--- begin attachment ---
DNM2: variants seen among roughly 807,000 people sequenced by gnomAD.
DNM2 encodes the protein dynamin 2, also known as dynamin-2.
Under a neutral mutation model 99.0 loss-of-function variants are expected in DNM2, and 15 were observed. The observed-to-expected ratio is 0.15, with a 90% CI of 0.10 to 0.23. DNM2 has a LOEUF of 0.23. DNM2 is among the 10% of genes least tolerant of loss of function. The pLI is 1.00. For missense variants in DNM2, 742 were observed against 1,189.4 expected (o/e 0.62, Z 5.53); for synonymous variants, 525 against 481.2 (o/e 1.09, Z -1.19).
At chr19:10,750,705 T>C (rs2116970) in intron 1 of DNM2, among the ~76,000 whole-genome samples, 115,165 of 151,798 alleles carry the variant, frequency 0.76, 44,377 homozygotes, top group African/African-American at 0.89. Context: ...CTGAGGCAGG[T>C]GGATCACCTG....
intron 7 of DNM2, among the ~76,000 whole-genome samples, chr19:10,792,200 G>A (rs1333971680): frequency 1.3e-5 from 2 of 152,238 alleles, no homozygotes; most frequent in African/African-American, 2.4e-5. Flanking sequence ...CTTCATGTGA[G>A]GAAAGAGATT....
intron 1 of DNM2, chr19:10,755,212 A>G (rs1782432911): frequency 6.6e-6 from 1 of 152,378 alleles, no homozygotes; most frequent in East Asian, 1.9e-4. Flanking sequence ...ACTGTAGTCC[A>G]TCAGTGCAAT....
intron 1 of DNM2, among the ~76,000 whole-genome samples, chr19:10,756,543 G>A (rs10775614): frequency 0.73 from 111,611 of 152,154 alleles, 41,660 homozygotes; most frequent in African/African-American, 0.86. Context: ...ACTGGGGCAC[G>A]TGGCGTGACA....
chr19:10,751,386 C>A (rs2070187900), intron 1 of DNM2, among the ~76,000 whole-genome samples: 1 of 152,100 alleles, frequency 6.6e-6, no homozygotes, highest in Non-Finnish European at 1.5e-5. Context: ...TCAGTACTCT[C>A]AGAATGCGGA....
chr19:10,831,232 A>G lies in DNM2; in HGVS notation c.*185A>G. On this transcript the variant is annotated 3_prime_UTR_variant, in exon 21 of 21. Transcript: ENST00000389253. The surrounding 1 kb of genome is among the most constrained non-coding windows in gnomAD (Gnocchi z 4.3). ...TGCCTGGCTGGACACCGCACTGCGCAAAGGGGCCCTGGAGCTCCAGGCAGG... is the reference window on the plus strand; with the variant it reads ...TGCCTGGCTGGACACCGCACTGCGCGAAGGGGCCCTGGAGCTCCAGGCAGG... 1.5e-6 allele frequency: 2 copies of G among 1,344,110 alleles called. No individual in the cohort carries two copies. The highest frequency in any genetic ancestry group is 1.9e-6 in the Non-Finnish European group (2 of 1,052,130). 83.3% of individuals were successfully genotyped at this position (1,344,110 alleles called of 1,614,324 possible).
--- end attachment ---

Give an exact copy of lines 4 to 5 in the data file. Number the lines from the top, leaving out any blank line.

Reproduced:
At chr19:10,750,705 T>C (rs2116970) in intron 1 of DNM2, among the ~76,000 whole-genome samples, 115,165 of 151,798 alleles carry the variant, frequency 0.76, 44,377 homozygotes, top group African/African-American at 0.89. Context: ...CTGAGGCAGG[T>C]GGATCACCTG....
intron 7 of DNM2, among the ~76,000 whole-genome samples, chr19:10,792,200 G>A (rs1333971680): frequency 1.3e-5 from 2 of 152,238 alleles, no homozygotes; most frequent in African/African-American, 2.4e-5. Flanking sequence ...CTTCATGTGA[G>A]GAAAGAGATT....